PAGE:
Management of profound accidental hypothermia with cardiorespiratory arrest

Ann Surg. 1982 Apr;195(4):492-5. doi: 10.1097/00000658-198204000-00018.


Complete recovery following rapid rewarming is described in three tourists who were admitted in a state of profound hypothermia with total cardiorespiratory arrest (rectal temperature ranging from 19 to 24 C). In all three patients, respiration and circulation had ceased during the rescue operation. Rapid core rewarming was achieved by thoracotomy and continuous irrigation of the pericardial cavity with warm fluids in one patient, whereas in the other two patients rewarming was accomplished with extracorporeal circulation using femoro-femoral bypass. In the first patient, the heart could not be defibrillated earlier than 90 minutes following thoracotomy; in the other patients rewarming was attained very rapidly, and within half an hour after institution of bypass, resuscitation of the heart was successful. The patients fully recovered their intellectual and physical abilities, despite the prolonged periods of circulatory arrest lasting from 2 1/2 to 4 hours. We conclude that rapid core rewarming is the adequate therapy for profound accidental hypothermia with circulatory arrest or low cardiac output. If feasible extracorporeal circulation represents the method of choice because it combines the advantage of immediate central rewarming with the benefit of efficient circulatory support, the heart is rewarmed before the shell, thus preventing the "rewarming shock" due to peripheral vasodilatation. Resuscitative efforts should be promptly initiated and vigorously pursued, even in the state of clinical death; in profound hypothermia neurologic examination is inconclusive regarding prognosis.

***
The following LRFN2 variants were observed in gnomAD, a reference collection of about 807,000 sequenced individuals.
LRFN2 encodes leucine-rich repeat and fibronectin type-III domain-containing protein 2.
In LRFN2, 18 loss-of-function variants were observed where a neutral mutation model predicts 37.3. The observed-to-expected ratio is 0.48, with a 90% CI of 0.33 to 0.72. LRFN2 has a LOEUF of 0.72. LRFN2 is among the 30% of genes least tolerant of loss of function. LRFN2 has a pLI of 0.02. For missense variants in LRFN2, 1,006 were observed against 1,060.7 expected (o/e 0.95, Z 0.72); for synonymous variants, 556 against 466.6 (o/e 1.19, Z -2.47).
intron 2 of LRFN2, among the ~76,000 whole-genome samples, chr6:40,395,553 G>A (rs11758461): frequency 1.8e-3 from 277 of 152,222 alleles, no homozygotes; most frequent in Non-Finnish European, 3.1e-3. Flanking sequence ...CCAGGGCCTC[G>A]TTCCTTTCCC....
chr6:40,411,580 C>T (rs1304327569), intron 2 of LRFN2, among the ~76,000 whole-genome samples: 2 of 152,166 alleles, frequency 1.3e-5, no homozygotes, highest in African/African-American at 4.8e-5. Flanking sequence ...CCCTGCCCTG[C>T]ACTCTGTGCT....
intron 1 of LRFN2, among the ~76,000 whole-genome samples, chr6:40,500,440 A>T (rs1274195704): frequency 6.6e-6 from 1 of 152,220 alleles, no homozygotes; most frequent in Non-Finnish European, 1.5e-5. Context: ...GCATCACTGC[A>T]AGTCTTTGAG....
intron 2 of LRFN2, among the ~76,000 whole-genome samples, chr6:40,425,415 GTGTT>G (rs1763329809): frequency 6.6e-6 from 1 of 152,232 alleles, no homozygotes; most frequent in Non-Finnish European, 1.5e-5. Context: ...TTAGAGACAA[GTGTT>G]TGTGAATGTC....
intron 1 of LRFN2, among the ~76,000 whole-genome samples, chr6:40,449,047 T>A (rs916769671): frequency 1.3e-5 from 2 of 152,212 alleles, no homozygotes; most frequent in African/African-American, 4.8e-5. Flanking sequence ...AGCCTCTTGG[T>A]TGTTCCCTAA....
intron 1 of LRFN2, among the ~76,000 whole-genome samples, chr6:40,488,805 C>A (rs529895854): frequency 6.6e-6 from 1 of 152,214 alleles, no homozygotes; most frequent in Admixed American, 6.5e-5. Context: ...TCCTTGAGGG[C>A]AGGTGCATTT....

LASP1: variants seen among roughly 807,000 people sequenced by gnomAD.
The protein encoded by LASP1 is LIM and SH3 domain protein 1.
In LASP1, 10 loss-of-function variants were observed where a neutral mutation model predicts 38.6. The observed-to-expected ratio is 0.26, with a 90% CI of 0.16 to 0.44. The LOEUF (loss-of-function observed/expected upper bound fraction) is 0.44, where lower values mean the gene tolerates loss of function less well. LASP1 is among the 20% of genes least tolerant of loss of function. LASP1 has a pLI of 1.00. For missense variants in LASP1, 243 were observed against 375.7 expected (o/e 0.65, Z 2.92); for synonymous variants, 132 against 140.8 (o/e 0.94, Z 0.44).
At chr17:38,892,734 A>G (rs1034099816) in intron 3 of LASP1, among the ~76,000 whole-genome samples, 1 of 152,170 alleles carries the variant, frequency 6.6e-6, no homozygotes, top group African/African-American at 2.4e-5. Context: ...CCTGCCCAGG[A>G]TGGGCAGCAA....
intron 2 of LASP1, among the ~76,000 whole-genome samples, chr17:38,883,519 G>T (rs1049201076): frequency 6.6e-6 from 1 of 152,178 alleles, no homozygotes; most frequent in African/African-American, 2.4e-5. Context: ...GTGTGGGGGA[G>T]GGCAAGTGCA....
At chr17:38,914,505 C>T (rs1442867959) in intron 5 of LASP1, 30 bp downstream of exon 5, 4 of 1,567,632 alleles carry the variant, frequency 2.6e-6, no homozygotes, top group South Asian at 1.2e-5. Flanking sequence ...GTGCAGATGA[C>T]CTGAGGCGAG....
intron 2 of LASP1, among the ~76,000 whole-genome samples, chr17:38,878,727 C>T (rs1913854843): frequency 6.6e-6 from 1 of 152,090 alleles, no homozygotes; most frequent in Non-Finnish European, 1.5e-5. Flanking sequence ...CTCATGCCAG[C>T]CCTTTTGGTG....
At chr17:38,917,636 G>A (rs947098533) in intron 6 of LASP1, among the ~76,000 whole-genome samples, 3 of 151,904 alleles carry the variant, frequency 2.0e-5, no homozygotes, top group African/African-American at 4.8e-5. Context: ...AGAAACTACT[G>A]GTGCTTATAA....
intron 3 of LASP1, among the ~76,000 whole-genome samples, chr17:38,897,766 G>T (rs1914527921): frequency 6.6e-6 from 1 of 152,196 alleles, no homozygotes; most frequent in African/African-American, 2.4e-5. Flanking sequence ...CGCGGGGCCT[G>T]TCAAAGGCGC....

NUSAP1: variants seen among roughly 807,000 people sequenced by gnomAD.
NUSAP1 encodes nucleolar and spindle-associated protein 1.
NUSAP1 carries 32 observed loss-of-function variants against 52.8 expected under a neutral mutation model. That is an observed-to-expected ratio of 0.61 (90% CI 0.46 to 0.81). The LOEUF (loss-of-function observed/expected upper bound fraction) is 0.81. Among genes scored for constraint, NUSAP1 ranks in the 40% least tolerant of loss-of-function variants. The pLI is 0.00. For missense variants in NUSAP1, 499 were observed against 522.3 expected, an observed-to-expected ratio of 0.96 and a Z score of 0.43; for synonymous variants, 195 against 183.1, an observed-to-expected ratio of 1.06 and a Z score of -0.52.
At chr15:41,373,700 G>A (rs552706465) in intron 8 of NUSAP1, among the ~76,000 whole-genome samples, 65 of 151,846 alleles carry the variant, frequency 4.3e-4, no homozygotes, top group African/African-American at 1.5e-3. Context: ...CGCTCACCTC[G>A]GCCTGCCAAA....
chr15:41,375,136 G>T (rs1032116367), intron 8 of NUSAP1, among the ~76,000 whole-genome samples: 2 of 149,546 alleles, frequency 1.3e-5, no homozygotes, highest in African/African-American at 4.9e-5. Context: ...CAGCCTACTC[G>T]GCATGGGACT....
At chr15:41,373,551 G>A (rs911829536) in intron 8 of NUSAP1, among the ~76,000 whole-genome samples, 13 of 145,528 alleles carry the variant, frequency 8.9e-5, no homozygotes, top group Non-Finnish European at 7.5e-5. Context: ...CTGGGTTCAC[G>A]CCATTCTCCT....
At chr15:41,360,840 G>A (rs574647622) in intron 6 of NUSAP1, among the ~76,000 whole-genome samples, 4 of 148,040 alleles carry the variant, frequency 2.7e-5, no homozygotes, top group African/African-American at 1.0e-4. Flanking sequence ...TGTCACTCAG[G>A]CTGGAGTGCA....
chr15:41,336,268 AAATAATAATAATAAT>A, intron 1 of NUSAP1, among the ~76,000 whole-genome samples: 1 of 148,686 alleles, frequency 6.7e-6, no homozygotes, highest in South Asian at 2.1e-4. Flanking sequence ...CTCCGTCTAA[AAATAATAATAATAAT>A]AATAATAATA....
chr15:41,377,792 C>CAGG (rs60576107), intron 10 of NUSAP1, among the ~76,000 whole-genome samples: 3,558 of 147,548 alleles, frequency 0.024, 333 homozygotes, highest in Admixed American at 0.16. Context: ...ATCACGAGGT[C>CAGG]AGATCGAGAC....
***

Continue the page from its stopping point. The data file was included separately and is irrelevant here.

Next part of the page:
Publication types

  • Case Reports

MeSH terms

  • Accidents*
  • Adult
  • Extracorporeal Circulation
  • Female
  • Heart Arrest / etiology
  • Heart Arrest / therapy*
  • Hot Temperature / therapeutic use*
  • Humans
  • Hypothermia / complications
  • Hypothermia / therapy*
  • Male
  • Prognosis
  • Resuscitation / methods*
  • Time Factors